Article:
Quick Tips For Google Analytics Enhanced Ecommerce

July 20, 2015 | Samantha Barnes


For commerce websites, reporting on revenue, product information and sales is essential to benchmark how the site is performing. If you’re not using the Enhanced Ecommerce features for Google Analytics yet, check out our FAQ! Or, if you’re in the implementation phase, there is a great way to test using Data Layer Forensics by Dorcas Alexander.

If you’ve already made it past the implementation phase (congrats!) it’s time for the fun part. Just like any of the other reports in Google Analytics, there are opportunities for cleaner data and granularity to super-charge your reports. Below are some tips to help get more out of Enhanced Ecommerce.

Consistent Field Values

It’s important to have consistent field values for everything. This seems like a simple tip- it may be easy to avoid splitting product rows by making sure “Purple Striped T-Shirt” is populated on each action and step with the same capitalization and characters. However, sometimes this is not as apparent.

For example, what if the product detail page for “Purple Striped T-Shirt” has a dropdown to choose Men’s or Women’s before adding to cart and both have their own SKU? We don’t want the product detail view to be attributed to only one of those options, since this product detail page should count as a view for both products. It’s not ideal to send it upon choosing an option because we want to analyze the ‘just browsing’ product detail views to track Cart-to-Detail and Buy-to-Detail rate over time. The users who choose an option are arguably further down the funnel and we want to have a broader picture with our data. Therefore, on this page load, we would send a product detail action with both products.

Overall, you may notice that either name or SKU (ID) is required when implementing commerce tracking. However, it’s important to have the values of both fields sent with transactions, checkout steps, and all user actions. Google Analytics won’t match these automatically. For example, if you just have the SKU available for the product detail page, but for Add to Cart have both SKU and name, the Add to Cart will not show up when analyzing with Product Name as the primary dimension or in the Product Performance view.



If it’s only possible to consistently track SKU, you can still have good data by using our next tip…

Data Import

By using Google Analytics’ Data Import feature, Product SKU and Product Name can be automatically matched. This is perfect for implementations where the name isn’t available for all commerce steps and actions. It’s also great if the product names aren’t coming into Google Analytics the way you want to see them in your reports.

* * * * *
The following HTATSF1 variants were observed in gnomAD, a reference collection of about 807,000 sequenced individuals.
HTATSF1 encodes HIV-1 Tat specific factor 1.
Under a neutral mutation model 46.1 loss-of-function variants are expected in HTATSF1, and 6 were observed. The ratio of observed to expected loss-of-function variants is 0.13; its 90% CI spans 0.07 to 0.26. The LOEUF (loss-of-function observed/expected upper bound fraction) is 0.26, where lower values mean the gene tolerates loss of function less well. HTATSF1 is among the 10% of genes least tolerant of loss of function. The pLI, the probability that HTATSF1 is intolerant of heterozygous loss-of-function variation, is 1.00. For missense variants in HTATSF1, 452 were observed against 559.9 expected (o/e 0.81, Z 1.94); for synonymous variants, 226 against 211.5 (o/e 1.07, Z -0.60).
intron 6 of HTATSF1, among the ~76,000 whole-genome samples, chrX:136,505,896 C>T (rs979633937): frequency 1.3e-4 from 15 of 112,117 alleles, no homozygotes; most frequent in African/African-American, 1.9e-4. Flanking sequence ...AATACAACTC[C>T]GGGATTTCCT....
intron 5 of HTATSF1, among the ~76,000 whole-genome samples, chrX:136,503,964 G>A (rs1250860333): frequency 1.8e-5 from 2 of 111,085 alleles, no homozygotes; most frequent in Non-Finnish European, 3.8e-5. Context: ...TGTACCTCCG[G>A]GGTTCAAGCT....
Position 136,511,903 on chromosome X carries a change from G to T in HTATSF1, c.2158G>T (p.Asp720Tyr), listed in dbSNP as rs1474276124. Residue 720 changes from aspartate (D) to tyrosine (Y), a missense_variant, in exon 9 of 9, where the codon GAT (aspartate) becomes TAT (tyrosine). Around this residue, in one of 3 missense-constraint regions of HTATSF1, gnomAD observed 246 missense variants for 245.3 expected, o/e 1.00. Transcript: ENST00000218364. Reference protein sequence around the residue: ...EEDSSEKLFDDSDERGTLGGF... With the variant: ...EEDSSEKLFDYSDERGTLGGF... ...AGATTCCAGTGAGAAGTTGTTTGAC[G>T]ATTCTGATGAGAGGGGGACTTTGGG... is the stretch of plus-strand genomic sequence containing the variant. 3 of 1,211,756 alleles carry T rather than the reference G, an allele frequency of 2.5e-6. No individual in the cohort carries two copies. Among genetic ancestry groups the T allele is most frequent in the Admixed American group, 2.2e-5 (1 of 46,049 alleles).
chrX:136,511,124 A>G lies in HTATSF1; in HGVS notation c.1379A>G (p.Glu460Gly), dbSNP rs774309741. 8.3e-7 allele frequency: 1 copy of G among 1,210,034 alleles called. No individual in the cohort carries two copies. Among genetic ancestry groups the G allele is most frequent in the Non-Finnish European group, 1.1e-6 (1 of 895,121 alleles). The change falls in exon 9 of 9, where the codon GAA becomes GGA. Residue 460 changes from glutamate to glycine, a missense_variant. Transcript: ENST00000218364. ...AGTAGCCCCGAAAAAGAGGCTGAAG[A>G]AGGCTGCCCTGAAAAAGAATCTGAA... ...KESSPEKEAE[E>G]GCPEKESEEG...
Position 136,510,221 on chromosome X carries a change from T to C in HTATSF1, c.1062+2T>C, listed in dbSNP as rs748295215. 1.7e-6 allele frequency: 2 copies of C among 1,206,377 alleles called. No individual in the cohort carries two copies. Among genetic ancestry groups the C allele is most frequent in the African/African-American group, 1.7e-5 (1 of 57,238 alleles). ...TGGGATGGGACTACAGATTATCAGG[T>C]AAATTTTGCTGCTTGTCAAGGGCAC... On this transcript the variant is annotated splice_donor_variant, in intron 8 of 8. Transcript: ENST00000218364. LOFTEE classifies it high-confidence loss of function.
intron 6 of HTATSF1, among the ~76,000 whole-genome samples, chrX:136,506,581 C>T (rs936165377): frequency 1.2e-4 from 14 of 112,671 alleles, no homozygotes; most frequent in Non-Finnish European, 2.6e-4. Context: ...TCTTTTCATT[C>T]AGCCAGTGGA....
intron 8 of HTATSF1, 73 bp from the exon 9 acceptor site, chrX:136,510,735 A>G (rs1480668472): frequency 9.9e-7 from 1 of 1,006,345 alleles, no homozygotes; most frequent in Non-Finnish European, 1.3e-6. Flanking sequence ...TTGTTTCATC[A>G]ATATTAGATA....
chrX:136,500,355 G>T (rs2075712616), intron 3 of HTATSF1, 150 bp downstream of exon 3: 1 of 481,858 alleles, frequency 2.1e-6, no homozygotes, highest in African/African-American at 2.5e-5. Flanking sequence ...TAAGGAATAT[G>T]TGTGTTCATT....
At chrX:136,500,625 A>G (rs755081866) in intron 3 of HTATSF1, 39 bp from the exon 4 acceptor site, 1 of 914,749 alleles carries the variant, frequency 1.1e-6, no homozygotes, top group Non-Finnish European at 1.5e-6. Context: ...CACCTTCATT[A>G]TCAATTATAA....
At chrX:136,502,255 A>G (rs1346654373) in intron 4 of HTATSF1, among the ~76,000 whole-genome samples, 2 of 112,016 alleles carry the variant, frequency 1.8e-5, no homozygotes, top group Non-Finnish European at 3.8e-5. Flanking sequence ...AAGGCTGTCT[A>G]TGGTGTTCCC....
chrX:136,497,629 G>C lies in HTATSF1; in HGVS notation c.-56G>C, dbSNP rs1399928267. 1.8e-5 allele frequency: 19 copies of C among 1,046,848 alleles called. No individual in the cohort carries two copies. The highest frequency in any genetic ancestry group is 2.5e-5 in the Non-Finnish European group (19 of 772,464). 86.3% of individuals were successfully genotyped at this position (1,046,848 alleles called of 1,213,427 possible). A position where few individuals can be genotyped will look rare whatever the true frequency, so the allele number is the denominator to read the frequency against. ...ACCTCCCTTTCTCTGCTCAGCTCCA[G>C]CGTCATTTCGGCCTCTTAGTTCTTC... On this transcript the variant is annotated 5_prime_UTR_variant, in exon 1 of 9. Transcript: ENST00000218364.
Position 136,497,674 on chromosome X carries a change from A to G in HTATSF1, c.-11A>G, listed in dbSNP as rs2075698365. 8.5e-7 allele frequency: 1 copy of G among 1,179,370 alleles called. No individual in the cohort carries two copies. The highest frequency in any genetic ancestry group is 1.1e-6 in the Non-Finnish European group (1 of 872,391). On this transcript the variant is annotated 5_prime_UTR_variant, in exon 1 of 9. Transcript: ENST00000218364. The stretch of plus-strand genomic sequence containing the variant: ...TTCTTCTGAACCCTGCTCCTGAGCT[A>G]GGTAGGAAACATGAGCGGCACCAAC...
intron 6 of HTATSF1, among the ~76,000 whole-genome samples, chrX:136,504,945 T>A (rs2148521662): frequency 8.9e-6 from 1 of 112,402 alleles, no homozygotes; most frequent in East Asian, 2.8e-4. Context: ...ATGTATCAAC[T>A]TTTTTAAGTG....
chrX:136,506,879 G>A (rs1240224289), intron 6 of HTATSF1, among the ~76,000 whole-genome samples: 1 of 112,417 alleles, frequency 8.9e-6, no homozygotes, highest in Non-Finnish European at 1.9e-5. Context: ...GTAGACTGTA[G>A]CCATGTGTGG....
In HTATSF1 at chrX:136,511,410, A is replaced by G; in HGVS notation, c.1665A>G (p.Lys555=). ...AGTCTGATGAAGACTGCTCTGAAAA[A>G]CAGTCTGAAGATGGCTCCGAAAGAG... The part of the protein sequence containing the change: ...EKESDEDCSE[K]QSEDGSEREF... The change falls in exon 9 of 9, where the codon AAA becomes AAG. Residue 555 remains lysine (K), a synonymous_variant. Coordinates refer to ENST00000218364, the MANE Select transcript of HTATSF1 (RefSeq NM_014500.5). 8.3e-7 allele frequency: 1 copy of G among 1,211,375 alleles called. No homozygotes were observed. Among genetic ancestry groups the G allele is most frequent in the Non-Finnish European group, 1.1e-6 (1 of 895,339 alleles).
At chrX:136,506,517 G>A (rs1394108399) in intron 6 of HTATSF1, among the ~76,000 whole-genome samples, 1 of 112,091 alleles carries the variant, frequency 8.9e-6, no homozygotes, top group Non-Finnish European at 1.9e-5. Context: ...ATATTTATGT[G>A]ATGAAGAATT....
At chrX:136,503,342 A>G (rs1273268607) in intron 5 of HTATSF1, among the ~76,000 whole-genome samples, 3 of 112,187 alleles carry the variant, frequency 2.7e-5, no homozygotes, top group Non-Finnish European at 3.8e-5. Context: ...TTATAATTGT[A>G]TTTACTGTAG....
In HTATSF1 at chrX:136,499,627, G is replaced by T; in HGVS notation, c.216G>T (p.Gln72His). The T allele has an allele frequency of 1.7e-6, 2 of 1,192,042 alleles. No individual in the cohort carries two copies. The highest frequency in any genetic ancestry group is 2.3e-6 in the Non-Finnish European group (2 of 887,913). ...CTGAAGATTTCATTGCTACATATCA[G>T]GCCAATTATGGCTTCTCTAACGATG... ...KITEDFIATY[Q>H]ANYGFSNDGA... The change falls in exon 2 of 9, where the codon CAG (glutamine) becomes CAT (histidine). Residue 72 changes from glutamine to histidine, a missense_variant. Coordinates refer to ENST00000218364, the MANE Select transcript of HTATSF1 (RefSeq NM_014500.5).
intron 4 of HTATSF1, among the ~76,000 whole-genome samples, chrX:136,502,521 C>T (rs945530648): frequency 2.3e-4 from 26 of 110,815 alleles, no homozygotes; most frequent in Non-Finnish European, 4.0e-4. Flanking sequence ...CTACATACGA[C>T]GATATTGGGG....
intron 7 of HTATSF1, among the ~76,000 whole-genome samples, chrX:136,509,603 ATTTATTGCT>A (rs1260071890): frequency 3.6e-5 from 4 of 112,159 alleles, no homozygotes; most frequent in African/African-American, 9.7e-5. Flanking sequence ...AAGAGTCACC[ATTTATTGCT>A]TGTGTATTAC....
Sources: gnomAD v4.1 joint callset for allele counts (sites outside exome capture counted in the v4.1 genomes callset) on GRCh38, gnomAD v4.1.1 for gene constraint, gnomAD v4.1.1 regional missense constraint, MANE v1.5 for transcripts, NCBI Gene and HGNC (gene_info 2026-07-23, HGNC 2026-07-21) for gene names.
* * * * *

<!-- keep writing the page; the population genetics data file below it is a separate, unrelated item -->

For example, maybe “Purple Striped T-Shirt” is coming in as something like “purple+striped%20+t-shirt55214.” All we would have to do in this case is upload a spreadsheet in the Data Import section (property-level) with 2 columns- one with all of the SKU’s and one with the Product Names we want those SKU’s to show up as in the interface. Once the dataset is successfully uploaded, the product name will be overwritten from that point forward. Or, if you use Google Analytics Premium, you have the option of viewing historical data with the new product names with Query Time.


In fact, as long as the SKU is available on page load, data import can be used for uploading other dimensions like brand, variant and product categories. No extra coding is required to broaden your tracking and reports- just preparing and uploading a spreadsheet.

Category Hierarchy

Another way to broaden your data is to take advantage of product category hierarchy. When implementing Enhanced Ecommerce, you will notice a field called “category.” In reality, these are five dimensions in one. Instead of just populating this field with one category name, you can add up to five levels separated by slashes (/). The slashes will separate the string into usable dimensions in Google Analytics:


For example, we would be able to populate “category” with a value such as, “Clothing/Casual/Shirts/Womens/Petite” instead of just “Clothing.”

Custom Dimensions for Products

If those still are not enough fields to get the details you need in your reports, there is also an option of sending custom dimensions and metrics with the commerce data. Along with user-, session- and hit-scoped dimensions, Google Analytics also has the product scope.

So now that we have “Clothing/Casual/Shirts/Womens/Petite” and possibly “Purple” as the variant, we can add custom dimensions for more detail like “Medium,” “Summer 2015 Collection,” and “Stripes and Plaids.” Custom metrics are also available to implement metrics like cart value.

Your only limit is the number of open slot indices that are available in your property (there is a max of 20 for standard accounts and 200 for Premium). Product-level custom dimensions and metrics as well as the category hierarchy can either be added to the on-page commerce code or added with data import.

With data from consistent field values, data import, product hierarchy, and product-level custom dimensions, you’ll have more cohesive reporting and more opportunities for catching trends and insights. Not only will these points be useful for standard and custom reports, but you will be able to use the dimensions throughout in advanced segments, custom alerts, and view filters.